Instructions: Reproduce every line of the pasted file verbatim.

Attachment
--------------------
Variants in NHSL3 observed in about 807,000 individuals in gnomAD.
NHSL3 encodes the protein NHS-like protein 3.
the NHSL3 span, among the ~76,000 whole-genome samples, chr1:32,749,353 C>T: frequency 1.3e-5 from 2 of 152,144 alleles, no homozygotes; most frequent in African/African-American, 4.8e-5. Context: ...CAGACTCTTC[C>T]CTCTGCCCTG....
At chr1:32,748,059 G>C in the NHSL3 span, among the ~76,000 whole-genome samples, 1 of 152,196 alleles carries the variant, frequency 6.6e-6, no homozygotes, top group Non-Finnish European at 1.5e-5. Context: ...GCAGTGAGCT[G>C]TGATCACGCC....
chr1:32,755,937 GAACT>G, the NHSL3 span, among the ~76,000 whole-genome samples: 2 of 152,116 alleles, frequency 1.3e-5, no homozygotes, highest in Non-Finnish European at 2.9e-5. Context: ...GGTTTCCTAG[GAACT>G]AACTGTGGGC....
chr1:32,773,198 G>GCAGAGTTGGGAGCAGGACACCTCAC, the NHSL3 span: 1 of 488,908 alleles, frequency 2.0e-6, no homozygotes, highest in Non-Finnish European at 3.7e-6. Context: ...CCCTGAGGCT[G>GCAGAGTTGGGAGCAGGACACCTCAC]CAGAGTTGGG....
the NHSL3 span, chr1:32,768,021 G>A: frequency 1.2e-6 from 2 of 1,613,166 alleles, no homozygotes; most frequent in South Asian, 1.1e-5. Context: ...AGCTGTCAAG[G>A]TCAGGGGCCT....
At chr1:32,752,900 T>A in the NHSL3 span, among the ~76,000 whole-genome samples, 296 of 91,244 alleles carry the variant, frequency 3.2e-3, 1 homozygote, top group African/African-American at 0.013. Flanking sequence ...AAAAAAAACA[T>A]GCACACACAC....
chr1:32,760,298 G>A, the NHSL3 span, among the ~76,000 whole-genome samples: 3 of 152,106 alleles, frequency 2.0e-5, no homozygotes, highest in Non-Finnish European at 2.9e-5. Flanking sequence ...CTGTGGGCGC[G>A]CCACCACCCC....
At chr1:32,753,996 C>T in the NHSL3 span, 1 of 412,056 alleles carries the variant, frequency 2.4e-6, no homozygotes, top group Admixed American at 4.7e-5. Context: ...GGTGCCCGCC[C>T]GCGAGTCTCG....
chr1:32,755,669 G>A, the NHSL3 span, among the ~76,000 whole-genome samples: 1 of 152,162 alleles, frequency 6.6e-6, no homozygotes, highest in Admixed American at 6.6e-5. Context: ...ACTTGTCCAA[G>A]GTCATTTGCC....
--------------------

Variants in NHSL3 observed in about 807,000 individuals in gnomAD.
NHSL3 encodes the protein NHS-like protein 3.
the NHSL3 span, among the ~76,000 whole-genome samples, chr1:32,749,353 C>T: frequency 1.3e-5 from 2 of 152,144 alleles, no homozygotes; most frequent in African/African-American, 4.8e-5. Context: ...CAGACTCTTC[C>T]CTCTGCCCTG....
At chr1:32,748,059 G>C in the NHSL3 span, among the ~76,000 whole-genome samples, 1 of 152,196 alleles carries the variant, frequency 6.6e-6, no homozygotes, top group Non-Finnish European at 1.5e-5. Context: ...GCAGTGAGCT[G>C]TGATCACGCC....
chr1:32,755,937 GAACT>G, the NHSL3 span, among the ~76,000 whole-genome samples: 2 of 152,116 alleles, frequency 1.3e-5, no homozygotes, highest in Non-Finnish European at 2.9e-5. Context: ...GGTTTCCTAG[GAACT>G]AACTGTGGGC....
chr1:32,773,198 G>GCAGAGTTGGGAGCAGGACACCTCAC, the NHSL3 span: 1 of 488,908 alleles, frequency 2.0e-6, no homozygotes, highest in Non-Finnish European at 3.7e-6. Context: ...CCCTGAGGCT[G>GCAGAGTTGGGAGCAGGACACCTCAC]CAGAGTTGGG....
the NHSL3 span, chr1:32,768,021 G>A: frequency 1.2e-6 from 2 of 1,613,166 alleles, no homozygotes; most frequent in South Asian, 1.1e-5. Context: ...AGCTGTCAAG[G>A]TCAGGGGCCT....
At chr1:32,752,900 T>A in the NHSL3 span, among the ~76,000 whole-genome samples, 296 of 91,244 alleles carry the variant, frequency 3.2e-3, 1 homozygote, top group African/African-American at 0.013. Flanking sequence ...AAAAAAAACA[T>A]GCACACACAC....
chr1:32,760,298 G>A, the NHSL3 span, among the ~76,000 whole-genome samples: 3 of 152,106 alleles, frequency 2.0e-5, no homozygotes, highest in Non-Finnish European at 2.9e-5. Flanking sequence ...CTGTGGGCGC[G>A]CCACCACCCC....
At chr1:32,753,996 C>T in the NHSL3 span, 1 of 412,056 alleles carries the variant, frequency 2.4e-6, no homozygotes, top group Admixed American at 4.7e-5. Context: ...GGTGCCCGCC[C>T]GCGAGTCTCG....
chr1:32,755,669 G>A, the NHSL3 span, among the ~76,000 whole-genome samples: 1 of 152,162 alleles, frequency 6.6e-6, no homozygotes, highest in Admixed American at 6.6e-5. Context: ...ACTTGTCCAA[G>A]GTCATTTGCC....